Some government and aviation-industry officials are worried about surging use without meaningful oversight. Pilots are increasingly reporting midair drone sightings, including three near John F. Kennedy International Airport in New York last week.

Drone proponents say the U.S.’s regulatory approach is less accommodating than in other countries. This month, Canada plans to issue blanket approval for all commercial operations that use drones weighing less than 4.4 pounds as long as they comply with certain safety standards, such as altitude limits and no-fly zones around airports.

The FAA must “properly balance regulatory restrictions and the safety risks posed by” various sizes of unmanned aircraft, said Ted Ellett, a former FAA chief counsel who now is a partner at law firm Hogan Lovells US LLP. Mr. Ellett said a “one-size-fits-all” approach “will create yet another unnecessary and costly impediment.”

Gretchen West, former executive vice president of the Association for Unmanned Vehicle Systems International, the nation’s biggest drone-lobbying group, said large, powerful drones like those used by the military got more attention when the FAA began working on the rules.

Since then, much of the growth has shifted to smaller drones. The expected rules are “going to be very restrictive for small systems,” she added.

Jesse Kallman, head of regulatory affairs for drone-software firm Airware, said requiring commercial drone pilots to have cockpit training “will end up excluding someone who has hundreds of hours of experience on an unmanned aircraft in favor of a pilot who understands how to operate a Cessna but not an unmanned aircraft.”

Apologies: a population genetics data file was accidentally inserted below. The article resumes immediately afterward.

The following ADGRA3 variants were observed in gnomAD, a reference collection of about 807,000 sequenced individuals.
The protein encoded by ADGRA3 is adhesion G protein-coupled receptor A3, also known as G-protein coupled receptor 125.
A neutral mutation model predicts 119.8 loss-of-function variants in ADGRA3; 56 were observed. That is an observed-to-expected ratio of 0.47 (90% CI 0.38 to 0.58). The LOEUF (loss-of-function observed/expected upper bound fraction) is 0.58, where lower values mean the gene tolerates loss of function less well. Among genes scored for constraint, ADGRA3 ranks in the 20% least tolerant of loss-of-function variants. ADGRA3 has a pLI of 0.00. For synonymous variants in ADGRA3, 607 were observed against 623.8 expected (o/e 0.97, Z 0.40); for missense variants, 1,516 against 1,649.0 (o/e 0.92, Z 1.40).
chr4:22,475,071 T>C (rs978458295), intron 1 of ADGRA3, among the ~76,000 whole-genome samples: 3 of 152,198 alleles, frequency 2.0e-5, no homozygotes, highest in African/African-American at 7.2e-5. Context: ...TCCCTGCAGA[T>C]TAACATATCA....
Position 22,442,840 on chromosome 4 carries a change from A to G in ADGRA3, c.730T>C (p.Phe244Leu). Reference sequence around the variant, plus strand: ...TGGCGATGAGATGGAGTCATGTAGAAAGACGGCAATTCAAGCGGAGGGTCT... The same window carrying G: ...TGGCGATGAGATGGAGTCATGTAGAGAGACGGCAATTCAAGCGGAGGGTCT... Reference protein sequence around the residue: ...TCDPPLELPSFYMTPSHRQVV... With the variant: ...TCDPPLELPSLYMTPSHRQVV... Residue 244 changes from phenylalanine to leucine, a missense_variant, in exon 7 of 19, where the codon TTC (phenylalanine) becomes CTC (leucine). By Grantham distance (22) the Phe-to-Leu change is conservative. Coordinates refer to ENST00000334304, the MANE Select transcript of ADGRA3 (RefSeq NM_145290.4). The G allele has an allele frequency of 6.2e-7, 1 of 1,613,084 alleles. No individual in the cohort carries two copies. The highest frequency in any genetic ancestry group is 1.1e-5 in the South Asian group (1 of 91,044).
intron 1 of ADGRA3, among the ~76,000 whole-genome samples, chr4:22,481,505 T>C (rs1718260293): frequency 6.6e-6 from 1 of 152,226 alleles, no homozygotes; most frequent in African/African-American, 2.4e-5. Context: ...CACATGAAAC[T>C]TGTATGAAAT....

In exemptions granted to six filmmaking companies to use drones on film sets earlier this year, the FAA required operators to have private-pilot licenses.

The FAA’s draft rule is expected to require lower-level pilot certifications requiring fewer flight hours, according to people familiar with the matter.

One former FAA official said the agency is concerned that statutes bar it from authorizing commercial aircraft operations that don’t have a certified pilot.

The agency is drafting language asking Congress for greater flexibility, this person said.

The planned 400-foot flying limit within the operator’s sight largely follows the FAA’s current rules for recreational uses of drones. Those rules are based partly on voluntary guidelines for model aircraft published by the agency in 1981.

Drone proponents say the FAA is relying on decades-old regulations that don’t account for advancements in technology. Many drone pilots use “first-person view” technology allowing them to rely on real-time footage from a drone’s camera broadcast to their controller or headwear that resembles virtual-reality visors. Users can add infrared and other sensors for night or low-visibility missions.

The FAA’s expected requirement for daylight flights within the operator’s sight would essentially prohibit many commercial applications, such as pipeline inspections and crop monitoring on large farms.

The FAA is awaiting data from a number of test sites before proposing regulations affecting drones that weigh more than 55 pounds. That process is expected to take at least several years. Until then, many states and local governments are likely to establish their own standards.

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Comment by Jake Stew on December 1, 2014 at 8:00pm

No it's not. You are interpreting (twisting) that to suit your own person delusion. My mental state is not in question. You continue to be wrong. You have no legal authority or control over what flies over your property. The end.

I have an idea, the next the time state police helicopter flies over your house inside your "private airspace", send them  a bill.  See how far you get.

Dude, you're embarrassing yourself.  Causby sued the FAA for flying over his property and he WON.

Your mental state certainly is in question here.

Comment by Pedals2Paddles on December 1, 2014 at 8:06pm